But living with parents can be so stressful it could lead to the development of a serious mental illness.

Take Takashi Sato, not his real name, a 37-year-old company employee in Tokyo. Having lived with his prying and overbearing parents his whole life, Sato describes it as “nerve-wracking” to be around them.

Sato says his parents are so obsessed with keeping tabs on the minutest details of his daily life that at one point he stopped socializing altogether to cease their questioning. Even taking a day off from work is no easy task, he says, because it would trigger a relentless torrent of questions on why he needed to take one.

“If I were to tell them I don’t need a dinner one certain night, I’d need to explain why. If I came back home late, they would ask me what I was doing. It feels like I’m under their constant surveillance,” he said. “You may think it’s a small thing to fuss about, but it really wears me out.”

Despite such annoyances and an annual salary close to ¥4 million, Sato says he balks at living alone because at age 37, he thinks it’s too late to start a new life.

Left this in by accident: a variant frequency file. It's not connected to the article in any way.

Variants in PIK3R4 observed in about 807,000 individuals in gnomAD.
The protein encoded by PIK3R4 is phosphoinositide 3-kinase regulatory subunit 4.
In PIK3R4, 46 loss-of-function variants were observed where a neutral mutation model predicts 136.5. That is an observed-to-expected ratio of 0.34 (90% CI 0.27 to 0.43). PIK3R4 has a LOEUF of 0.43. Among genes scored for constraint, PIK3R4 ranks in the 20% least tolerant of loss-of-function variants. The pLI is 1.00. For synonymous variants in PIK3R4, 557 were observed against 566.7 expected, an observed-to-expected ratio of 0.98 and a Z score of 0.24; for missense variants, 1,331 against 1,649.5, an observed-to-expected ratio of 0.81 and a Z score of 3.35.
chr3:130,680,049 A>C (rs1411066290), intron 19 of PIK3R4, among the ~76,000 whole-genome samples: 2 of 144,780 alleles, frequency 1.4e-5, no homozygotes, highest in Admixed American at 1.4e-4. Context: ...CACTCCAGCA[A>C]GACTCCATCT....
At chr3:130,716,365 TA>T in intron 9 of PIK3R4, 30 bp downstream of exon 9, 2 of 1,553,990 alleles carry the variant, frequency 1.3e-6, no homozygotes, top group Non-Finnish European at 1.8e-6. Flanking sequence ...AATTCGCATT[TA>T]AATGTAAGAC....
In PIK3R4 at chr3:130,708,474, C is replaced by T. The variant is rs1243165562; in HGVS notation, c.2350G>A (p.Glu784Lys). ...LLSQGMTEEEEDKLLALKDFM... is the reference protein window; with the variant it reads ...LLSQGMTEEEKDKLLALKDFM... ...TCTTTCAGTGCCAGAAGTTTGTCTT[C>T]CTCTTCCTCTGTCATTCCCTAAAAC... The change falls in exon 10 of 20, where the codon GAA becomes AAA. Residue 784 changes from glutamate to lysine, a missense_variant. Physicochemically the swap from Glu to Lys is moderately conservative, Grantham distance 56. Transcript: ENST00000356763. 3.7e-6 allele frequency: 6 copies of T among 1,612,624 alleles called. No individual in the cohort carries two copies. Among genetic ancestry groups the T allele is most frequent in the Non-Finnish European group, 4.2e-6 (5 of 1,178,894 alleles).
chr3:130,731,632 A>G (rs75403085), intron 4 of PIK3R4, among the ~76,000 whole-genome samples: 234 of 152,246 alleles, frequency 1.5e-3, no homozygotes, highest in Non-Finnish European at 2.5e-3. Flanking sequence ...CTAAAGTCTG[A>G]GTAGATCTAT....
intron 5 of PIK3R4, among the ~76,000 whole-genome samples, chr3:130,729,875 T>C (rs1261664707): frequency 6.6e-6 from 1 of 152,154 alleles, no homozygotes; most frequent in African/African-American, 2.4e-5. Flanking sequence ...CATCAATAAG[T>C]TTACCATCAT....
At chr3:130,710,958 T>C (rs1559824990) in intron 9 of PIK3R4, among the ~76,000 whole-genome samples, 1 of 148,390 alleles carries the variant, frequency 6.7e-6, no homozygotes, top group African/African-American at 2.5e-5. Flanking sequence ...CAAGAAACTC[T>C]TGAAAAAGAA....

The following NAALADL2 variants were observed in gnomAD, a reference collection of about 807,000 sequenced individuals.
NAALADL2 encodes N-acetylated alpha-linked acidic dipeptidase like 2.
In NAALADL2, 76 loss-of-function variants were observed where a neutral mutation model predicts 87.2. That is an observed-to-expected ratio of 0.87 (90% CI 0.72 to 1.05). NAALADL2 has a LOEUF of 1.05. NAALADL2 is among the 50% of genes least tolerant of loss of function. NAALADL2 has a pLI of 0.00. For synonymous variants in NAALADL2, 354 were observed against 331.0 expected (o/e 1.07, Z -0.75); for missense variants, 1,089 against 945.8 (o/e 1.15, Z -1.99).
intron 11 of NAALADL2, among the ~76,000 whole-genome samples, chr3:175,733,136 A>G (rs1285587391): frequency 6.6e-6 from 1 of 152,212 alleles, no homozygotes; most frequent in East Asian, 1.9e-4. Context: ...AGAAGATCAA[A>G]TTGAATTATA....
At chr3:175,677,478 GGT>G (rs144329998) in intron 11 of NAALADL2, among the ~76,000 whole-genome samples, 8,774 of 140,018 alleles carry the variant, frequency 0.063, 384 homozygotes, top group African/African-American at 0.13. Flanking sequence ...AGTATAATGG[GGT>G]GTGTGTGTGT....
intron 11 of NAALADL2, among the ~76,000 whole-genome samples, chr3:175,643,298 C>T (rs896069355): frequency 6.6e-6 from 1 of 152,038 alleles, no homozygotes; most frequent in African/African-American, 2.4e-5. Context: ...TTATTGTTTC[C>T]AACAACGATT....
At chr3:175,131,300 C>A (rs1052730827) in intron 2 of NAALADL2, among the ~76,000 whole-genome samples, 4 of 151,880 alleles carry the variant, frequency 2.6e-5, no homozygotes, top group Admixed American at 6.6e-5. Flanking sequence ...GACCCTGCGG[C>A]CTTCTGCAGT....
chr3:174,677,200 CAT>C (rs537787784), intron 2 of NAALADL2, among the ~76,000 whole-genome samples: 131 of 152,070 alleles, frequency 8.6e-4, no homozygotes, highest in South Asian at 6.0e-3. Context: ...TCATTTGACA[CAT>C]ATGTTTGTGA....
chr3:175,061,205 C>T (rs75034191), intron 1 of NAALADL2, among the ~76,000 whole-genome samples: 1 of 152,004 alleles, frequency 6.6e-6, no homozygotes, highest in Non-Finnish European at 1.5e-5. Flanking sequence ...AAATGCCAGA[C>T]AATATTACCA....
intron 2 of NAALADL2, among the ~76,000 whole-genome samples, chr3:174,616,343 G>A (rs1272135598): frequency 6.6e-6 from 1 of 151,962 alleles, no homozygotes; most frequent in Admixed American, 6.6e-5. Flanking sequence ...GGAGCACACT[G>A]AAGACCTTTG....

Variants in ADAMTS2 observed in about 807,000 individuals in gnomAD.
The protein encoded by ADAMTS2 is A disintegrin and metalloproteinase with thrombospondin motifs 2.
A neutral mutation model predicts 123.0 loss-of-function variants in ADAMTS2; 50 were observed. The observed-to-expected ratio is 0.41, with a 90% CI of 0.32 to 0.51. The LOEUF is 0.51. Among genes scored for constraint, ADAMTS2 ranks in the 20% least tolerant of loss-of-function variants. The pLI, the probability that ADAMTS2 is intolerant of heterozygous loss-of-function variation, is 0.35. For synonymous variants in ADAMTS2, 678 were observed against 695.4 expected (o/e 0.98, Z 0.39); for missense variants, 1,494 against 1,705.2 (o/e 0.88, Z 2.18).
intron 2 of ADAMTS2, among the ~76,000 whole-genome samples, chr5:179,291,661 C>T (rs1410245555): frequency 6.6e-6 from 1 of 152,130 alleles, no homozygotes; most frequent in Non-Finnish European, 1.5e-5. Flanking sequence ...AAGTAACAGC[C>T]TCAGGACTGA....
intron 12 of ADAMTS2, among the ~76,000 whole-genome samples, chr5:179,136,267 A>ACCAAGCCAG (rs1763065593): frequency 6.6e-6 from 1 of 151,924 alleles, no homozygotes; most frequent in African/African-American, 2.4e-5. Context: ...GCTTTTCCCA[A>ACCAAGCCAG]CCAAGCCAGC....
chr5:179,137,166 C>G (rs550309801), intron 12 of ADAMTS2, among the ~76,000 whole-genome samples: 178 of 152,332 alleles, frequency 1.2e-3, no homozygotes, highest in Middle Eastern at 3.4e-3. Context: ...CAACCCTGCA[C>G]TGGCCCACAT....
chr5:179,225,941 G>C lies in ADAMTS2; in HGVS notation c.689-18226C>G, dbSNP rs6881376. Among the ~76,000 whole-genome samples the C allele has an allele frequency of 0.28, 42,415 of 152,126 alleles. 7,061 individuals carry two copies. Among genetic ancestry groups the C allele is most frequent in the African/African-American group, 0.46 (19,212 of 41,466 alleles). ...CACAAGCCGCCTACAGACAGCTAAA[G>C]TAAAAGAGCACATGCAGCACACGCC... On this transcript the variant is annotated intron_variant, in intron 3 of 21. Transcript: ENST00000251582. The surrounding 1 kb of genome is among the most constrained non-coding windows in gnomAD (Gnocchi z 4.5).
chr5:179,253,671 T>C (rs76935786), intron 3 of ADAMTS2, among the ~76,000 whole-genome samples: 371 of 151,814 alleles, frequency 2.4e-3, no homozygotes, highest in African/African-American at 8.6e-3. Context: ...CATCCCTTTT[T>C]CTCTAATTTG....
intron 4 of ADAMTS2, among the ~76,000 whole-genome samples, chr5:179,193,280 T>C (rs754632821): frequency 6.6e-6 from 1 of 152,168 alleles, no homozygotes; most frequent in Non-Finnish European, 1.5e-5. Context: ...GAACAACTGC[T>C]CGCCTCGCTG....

The experience of a 33-year-old single jobless woman living off welfare benefits in Saitama Prefecture, agrees with this. She said being under control of her overly strict parents caused her an anxiety disorder.

But now that she lives alone, “my condition has gotten better,” she said.

Tales of strained filial relationships and nervous breakdowns are common among many young adults living with their parents, says Saitama-based social worker and antipoverty activist Takanori Fujita.

“Youths who want to move out of their parents’ homes but can’t are understandably frustrated. As a result, many of them suffer from a variety of mental disorders and some even become violent toward their families,” he said at a symposium in Tokyo in February.

Fujita also said the increase in economically dependent youths could slow the nation’s dwindling birthrate further because living with parents often interferes with their pursuit of romance and marriage.

The Big Issue survey found that nearly 80 percent of those living with their parents are pessimistic about their prospects for marriage, with some convinced they are “incapable” of getting married and others content to remain single.